Reform needed if State is to arrest slide in corruption rankings, warns expert
Ireland must show it is committed to reform after slipping down world rankings on corruption perception, a corruption expert has warned.
Ireland now sits behind Uruguay and the Bahamas in 25th place on the index, compiled by Transparency International. The ranking is the lowest yet for Ireland and is an 11-place fall from just two years ago.
Elaine Byrne, Irish expert on corruption to the European Commission, said the ranking decline occurred despite reforms planned or already introduced by the Government. These include whistleblower legislation, broadening the Ombudsman’s remit and freedom of information, anti-corruption laws and plans for a register of lobbyists.
“It shows there is no point having legislation if it is not backed up by implementation and Government commitment to standards in public life,” she said.
Transparency International Ireland said a lack of action on the Moriarty tribunal’s findings was one of the reasons for the fall in ranking.
The group warns that the results could hurt Ireland’s economic recovery by turning investors away, frightened by the idea that Government decisions are not been taken in a fair and equitable manner. “Small, open economies are much more exposed to reputational risk than their more powerful counterparts,” said John Devitt, chief executive of Transparency International Ireland.
Skills and flexibility
But IDA Ireland said companies considering coming to Ireland were more interested in the skills and flexibility of the workforce and Ireland’s tax regime.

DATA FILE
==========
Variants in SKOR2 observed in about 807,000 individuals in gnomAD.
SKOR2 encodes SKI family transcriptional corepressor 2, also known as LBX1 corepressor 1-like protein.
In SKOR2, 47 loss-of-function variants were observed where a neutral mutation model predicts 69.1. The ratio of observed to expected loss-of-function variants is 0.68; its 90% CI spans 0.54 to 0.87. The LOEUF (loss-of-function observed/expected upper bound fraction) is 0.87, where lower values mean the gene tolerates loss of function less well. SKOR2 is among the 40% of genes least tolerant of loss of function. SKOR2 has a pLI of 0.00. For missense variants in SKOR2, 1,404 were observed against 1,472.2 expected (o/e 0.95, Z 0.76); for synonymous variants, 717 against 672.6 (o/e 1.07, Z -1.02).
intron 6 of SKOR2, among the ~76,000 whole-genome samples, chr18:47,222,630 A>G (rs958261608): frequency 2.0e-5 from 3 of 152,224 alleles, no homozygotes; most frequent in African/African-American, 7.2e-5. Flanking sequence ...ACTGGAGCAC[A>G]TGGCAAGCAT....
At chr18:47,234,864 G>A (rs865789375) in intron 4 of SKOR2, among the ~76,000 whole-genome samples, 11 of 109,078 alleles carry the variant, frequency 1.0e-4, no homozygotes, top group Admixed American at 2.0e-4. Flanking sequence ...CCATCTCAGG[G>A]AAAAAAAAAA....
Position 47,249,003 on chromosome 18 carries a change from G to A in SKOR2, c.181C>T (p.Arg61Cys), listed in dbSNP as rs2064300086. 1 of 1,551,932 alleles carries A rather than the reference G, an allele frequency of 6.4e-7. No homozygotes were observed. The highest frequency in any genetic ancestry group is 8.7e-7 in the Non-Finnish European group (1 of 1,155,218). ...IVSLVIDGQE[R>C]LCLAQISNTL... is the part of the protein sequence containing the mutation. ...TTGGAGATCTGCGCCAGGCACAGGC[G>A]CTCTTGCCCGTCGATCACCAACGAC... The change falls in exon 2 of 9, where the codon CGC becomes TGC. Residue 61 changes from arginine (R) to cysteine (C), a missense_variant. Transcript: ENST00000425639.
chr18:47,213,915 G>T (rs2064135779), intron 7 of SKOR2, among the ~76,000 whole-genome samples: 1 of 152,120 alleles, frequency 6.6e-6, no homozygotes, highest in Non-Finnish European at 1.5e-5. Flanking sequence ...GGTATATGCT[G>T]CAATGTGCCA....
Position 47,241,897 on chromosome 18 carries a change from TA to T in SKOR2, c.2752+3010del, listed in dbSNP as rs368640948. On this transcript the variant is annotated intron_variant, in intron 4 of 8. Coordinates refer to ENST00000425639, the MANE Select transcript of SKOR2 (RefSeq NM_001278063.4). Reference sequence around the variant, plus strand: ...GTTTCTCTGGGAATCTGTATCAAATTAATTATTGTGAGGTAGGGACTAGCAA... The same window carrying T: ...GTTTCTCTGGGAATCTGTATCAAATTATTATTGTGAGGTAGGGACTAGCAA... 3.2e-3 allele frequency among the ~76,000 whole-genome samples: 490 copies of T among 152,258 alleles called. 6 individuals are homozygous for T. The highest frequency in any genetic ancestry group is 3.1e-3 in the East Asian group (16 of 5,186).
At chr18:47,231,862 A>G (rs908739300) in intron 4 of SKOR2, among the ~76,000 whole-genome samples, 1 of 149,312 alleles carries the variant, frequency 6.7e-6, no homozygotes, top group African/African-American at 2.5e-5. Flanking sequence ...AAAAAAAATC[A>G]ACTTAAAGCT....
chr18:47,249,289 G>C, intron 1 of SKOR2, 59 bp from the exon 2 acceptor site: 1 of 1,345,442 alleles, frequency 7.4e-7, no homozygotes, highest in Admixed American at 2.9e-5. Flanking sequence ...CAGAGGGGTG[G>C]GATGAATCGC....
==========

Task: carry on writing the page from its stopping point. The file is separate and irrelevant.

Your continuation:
The index – which draws on surveys of experts and business people – gives an assessment of a country’s political risk and is used by credit rating agency Standard and Poor’s as a way of measuring the potential for sovereign debt default.
“There appears to have been very little action taken on foot of the publication of the final Moriarty tribunal report, while the Taoiseach’s decision to make public appearances with Denis O’Brien after the publication of the report will have done our international reputation no favours,” said Mr Devitt.
Countries topping the index are Denmark, Finland and New Zealand – all tied in first place. Other European states ahead of Ireland include Switzerland, the Netherlands, Iceland, Luxembourg, Germany, Belgium, the UK and France. Uruguay is ranked 20 while the Bahamas is ranked 22. Afghanistan, North Korea and Somalia all rank at the bottom, in 174th place. The group urged the Government to bring more transparency to the public sector, along with reforms to give the Oireachtas more powers.
“Our reputation for cronyism and other forms of corruption will drive many honest businesses towards more open and well-regulated economies,” added Mr Devitt.
Full results from: cpi.transparency.org/cpi2012/results/
3. New Zealand
Most corrupt in the EU
Most corrupt in world